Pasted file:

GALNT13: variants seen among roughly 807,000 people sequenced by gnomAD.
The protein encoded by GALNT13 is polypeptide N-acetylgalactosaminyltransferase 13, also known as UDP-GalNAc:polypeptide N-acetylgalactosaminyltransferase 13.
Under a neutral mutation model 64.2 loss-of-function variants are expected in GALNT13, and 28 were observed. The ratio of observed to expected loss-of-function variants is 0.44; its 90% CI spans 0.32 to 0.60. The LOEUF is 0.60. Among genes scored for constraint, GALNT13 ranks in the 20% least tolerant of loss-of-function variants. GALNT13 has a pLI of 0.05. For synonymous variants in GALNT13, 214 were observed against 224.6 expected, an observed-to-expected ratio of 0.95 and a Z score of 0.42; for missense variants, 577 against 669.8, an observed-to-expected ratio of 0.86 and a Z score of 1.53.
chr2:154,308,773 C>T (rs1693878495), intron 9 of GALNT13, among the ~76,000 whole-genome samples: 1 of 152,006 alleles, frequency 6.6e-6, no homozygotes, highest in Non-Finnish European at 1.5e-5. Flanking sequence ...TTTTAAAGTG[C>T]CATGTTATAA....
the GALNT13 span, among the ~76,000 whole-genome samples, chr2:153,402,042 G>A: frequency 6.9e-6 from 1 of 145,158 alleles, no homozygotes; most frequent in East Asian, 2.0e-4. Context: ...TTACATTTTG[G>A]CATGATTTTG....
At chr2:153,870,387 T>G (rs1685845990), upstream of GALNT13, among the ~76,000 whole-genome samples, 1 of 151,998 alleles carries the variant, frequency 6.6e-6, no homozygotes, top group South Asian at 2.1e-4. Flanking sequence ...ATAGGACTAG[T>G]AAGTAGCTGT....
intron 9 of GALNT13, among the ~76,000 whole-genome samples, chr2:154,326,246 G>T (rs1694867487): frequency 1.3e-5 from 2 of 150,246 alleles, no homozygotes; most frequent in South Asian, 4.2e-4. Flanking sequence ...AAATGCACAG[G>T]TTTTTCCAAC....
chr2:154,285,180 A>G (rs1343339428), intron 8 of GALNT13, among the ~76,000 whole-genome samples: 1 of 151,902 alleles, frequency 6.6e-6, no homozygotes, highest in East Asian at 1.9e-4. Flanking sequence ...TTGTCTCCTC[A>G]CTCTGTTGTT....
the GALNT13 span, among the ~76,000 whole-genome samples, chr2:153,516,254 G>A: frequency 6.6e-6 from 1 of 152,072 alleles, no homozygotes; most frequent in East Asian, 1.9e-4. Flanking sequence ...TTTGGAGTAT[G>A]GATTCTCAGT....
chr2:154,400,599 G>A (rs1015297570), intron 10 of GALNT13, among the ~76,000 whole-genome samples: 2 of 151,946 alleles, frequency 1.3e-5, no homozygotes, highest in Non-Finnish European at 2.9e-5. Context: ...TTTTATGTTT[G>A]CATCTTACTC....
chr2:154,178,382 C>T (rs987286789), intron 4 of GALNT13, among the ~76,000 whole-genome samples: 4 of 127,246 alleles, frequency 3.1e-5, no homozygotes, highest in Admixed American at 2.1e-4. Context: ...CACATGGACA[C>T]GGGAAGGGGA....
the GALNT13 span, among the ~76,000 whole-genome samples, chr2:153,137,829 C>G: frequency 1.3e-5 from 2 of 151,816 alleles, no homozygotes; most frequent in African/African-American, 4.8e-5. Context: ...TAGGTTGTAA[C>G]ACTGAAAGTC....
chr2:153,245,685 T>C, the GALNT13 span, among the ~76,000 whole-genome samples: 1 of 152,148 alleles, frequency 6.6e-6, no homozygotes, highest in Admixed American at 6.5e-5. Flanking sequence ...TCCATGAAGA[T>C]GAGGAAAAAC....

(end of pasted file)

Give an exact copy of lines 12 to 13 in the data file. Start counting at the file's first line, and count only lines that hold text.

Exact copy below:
the GALNT13 span, among the ~76,000 whole-genome samples, chr2:153,137,829 C>G: frequency 1.3e-5 from 2 of 151,816 alleles, no homozygotes; most frequent in African/African-American, 4.8e-5. Context: ...TAGGTTGTAA[C>G]ACTGAAAGTC....
chr2:153,245,685 T>C, the GALNT13 span, among the ~76,000 whole-genome samples: 1 of 152,148 alleles, frequency 6.6e-6, no homozygotes, highest in Admixed American at 6.5e-5. Flanking sequence ...TCCATGAAGA[T>C]GAGGAAAAAC....